There are several types of ISAs available, including Cash ISAs, Stocks and Shares ISAs, Innovative Finance ISAs, and Lifetime ISAs. Each type has its own rules and limits, but they all share the common goal of providing tax advantages to account holders.
One ISA that can be utilised to minimise capital gains tax on shares is the Stocks & Shares ISA, which can be advantageous in two main ways:
- CGT exemption: By investing in shares within a Stocks and Shares ISA, any capital gains realised on the sale of those shares are exempt from CGT. This means that the growth in the value of the shares held within the ISA will not be subject to tax.
- Tax-free dividends: If you hold shares that pay dividends within a Stocks and Shares ISA, the dividend income is also tax-free. This can be particularly advantageous for higher-rate taxpayers who would otherwise be subject to higher tax rates on dividend income outside of an ISA.
Ultimately, ISAs provide tax efficient savings and investment options for UK residents. By utilising ISAs, individuals can minimise capital gains tax on shares, benefit from tax-free growth and income, and take advantage of their annual ISA allowances.
ISAs have an annual contribution limit of £20,000, and it is worth noting that these limits, as well as other ISA regulations, are subject to change. It is crucial to be aware of these limits and plan your investments accordingly, and is always advisable to review current regulations and seek professional advice to maximise the potential of your ISA allowances.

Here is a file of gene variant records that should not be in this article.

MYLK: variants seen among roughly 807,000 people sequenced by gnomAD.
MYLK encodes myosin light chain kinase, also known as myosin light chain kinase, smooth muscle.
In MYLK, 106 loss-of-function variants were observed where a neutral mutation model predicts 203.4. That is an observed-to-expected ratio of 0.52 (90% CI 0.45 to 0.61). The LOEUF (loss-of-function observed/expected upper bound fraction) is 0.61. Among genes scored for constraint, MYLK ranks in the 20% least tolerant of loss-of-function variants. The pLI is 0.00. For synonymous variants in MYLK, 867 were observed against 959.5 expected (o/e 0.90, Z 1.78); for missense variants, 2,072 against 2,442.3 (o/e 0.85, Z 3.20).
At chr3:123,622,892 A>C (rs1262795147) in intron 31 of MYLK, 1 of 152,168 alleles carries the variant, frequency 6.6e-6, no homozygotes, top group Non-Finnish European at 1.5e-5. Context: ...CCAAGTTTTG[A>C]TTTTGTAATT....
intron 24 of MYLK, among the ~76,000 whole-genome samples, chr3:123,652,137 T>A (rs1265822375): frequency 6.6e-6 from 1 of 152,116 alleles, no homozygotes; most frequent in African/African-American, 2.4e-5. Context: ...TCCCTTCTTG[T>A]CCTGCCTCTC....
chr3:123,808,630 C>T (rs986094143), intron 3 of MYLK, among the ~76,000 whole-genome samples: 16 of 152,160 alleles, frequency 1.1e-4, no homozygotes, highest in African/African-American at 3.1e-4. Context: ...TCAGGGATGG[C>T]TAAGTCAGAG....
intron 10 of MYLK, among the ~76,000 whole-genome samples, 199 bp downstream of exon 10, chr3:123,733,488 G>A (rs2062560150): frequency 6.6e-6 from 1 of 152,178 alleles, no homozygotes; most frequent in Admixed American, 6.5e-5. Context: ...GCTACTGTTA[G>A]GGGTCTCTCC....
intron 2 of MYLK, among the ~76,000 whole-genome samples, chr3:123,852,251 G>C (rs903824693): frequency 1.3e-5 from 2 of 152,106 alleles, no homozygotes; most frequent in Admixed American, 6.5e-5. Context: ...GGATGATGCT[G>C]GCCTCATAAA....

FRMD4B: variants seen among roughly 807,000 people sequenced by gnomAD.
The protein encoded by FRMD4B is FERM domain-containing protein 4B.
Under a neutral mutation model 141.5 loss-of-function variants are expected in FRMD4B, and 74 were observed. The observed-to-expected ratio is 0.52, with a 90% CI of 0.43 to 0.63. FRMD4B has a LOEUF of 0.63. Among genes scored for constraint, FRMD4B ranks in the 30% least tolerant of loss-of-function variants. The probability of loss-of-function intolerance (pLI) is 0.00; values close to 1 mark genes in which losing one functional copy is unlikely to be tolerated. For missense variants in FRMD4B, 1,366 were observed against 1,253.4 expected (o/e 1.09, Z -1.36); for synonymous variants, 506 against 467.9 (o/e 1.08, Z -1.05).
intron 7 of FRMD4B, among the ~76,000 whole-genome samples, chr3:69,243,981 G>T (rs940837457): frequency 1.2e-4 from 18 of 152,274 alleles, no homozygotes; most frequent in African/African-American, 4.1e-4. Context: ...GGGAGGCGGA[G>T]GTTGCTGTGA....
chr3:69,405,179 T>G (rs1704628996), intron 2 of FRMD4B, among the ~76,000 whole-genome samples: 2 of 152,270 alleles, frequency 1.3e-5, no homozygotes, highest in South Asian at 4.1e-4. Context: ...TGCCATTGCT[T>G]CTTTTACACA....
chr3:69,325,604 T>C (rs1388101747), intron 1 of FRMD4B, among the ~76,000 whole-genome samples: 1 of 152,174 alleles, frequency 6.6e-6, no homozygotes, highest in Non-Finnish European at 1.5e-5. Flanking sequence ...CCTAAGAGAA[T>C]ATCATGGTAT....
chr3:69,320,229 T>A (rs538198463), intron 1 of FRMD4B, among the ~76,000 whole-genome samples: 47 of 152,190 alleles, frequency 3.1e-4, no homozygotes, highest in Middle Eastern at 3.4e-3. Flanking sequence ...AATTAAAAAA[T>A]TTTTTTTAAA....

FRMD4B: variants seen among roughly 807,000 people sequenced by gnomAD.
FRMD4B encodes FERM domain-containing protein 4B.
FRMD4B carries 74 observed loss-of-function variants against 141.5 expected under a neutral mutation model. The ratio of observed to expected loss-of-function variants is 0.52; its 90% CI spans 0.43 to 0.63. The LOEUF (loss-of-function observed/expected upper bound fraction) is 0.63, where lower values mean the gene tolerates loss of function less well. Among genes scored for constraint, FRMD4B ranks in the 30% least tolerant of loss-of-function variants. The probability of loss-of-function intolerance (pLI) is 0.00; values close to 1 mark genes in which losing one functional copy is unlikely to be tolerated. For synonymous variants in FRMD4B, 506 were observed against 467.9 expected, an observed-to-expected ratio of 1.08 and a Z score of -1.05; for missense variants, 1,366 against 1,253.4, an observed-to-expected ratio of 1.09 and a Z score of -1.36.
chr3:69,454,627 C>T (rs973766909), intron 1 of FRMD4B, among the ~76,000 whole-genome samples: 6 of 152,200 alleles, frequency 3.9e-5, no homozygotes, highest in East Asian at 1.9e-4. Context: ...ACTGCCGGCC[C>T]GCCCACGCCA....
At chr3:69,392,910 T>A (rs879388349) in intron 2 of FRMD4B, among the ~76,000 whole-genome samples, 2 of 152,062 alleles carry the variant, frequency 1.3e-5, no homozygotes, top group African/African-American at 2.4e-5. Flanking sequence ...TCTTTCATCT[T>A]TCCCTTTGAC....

4. Social Investment Tax Relief (SITR)
Social Investment Tax Relief (SITR) is a Government initiative designed to encourage individuals to invest in UK social enterprises. SITR offers tax incentives to investors who support businesses with a social or environmental mission, providing them with an opportunity to make a positive impact while also benefiting from potential tax savings.
SITR provides opportunities for investors to minimise capital gains tax (CGT) on shares in social enterprises via several routes:
- CGT exemption: When an individual invests in a qualifying social enterprise through SITR, any capital gains realised on the disposal of those shares are completely exempt from CGT. This means that investors can potentially generate significant returns without incurring any tax liability on the gains.
- CGT deferral relief: When an individual sells any asset that would otherwise attract CGT (a chargeable asset), they can reinvest the proceeds into qualifying SITR shares within one year to defer the original CGT liability to a later year. The CGT liability is deferred until the SITR shares are sold or disposed of in the future.
Overall, SITR can provide tax incentives for individuals who invest in qualifying social enterprises. By utilising SITR, investors can potentially minimise their capital gains tax bill, benefit from income tax relief, and make a positive social and environmental impact.